The Meaning of Death: A Funeral Meditation

The most prominent reality at a funeral is also at the same time the most difficult subject to discuss. That reality, of course, is the subject of death. As one man has noted, “Death is the one experience that will be shared in common by every person …. Every moment we live, the sand in the hourglass of our existence continues to flow, bringing our final end ever near.”1 And yet, despite the “commonness” of death, most people prefer not to talk about it. There seems to be a kind of natural aversion to death. If we had our choice, we’d much rather celebrate the birth of a new child or the wedding of a close friend. If we had our way, there would be no funerals, no sad and uncomfortable occasions associated with the passing of a loved one.

Yet, we cannot escape reality. Death confronts us on the front page of the newspaper. It shakes us when we have to bury a family member or friend. Finally the day comes when death knocks at our own door. Indeed, the moment you and I were born into the world, we began our lifelong journey to the grave. And so, we can’t avoid the reality of death. With this inescapable reality in view, I’d like briefly to address the meaning of death. Specifically, what is death? And why must we die?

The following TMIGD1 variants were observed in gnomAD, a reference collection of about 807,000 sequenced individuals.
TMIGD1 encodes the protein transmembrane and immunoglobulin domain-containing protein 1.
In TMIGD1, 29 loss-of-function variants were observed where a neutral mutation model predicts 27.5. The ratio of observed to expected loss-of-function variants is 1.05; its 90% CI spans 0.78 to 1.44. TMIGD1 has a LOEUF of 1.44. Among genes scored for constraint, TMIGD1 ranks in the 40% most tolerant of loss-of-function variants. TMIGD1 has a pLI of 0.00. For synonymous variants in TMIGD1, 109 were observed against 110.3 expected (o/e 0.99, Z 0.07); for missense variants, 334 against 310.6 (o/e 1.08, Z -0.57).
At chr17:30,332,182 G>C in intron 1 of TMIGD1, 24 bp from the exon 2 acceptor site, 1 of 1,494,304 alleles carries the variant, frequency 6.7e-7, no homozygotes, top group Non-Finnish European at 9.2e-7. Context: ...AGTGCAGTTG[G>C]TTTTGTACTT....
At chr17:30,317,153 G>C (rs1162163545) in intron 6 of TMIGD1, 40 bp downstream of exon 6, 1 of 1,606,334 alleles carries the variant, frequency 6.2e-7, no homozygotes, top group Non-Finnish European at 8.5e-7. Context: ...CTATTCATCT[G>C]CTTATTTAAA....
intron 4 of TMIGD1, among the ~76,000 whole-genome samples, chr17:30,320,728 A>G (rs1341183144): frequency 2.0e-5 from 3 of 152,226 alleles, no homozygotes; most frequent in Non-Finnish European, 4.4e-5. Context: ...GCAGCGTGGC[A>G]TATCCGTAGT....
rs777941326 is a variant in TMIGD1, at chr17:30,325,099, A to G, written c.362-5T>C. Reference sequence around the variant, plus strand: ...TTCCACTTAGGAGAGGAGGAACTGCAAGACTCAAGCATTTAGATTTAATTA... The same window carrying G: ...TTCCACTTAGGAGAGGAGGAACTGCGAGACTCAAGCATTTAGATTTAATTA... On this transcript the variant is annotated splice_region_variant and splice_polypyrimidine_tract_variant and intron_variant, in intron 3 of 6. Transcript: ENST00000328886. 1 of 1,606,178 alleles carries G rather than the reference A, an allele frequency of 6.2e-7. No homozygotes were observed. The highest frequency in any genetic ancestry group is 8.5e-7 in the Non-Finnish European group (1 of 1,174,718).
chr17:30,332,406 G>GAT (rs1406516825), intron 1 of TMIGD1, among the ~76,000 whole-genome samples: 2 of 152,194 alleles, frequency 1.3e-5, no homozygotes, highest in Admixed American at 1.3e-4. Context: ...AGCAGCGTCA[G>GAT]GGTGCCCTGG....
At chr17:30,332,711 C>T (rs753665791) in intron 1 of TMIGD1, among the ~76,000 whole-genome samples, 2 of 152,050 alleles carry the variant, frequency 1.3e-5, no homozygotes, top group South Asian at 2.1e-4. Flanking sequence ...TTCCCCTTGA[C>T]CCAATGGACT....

What Is Death?

Webster’s Dictionary defines “death” simply as the cessation of life. Thus, to understand “death,” we must first understand “life.” Webster’s offers two primary definitions:

(1) “Life” refers to the properties of growth, metabolism, response to stimuli, and reproduction. But this definition is unsuitable for human life, since it would place us on the same level as bacteria or fungus or garden weeds.

(2) “Life” refers to the physical, mental, and spiritual experiences that constitute a person’s existence. Unlike bacteria and garden weeds, we are personal beings. We do not merely have a body, but we have a mind and a spirit.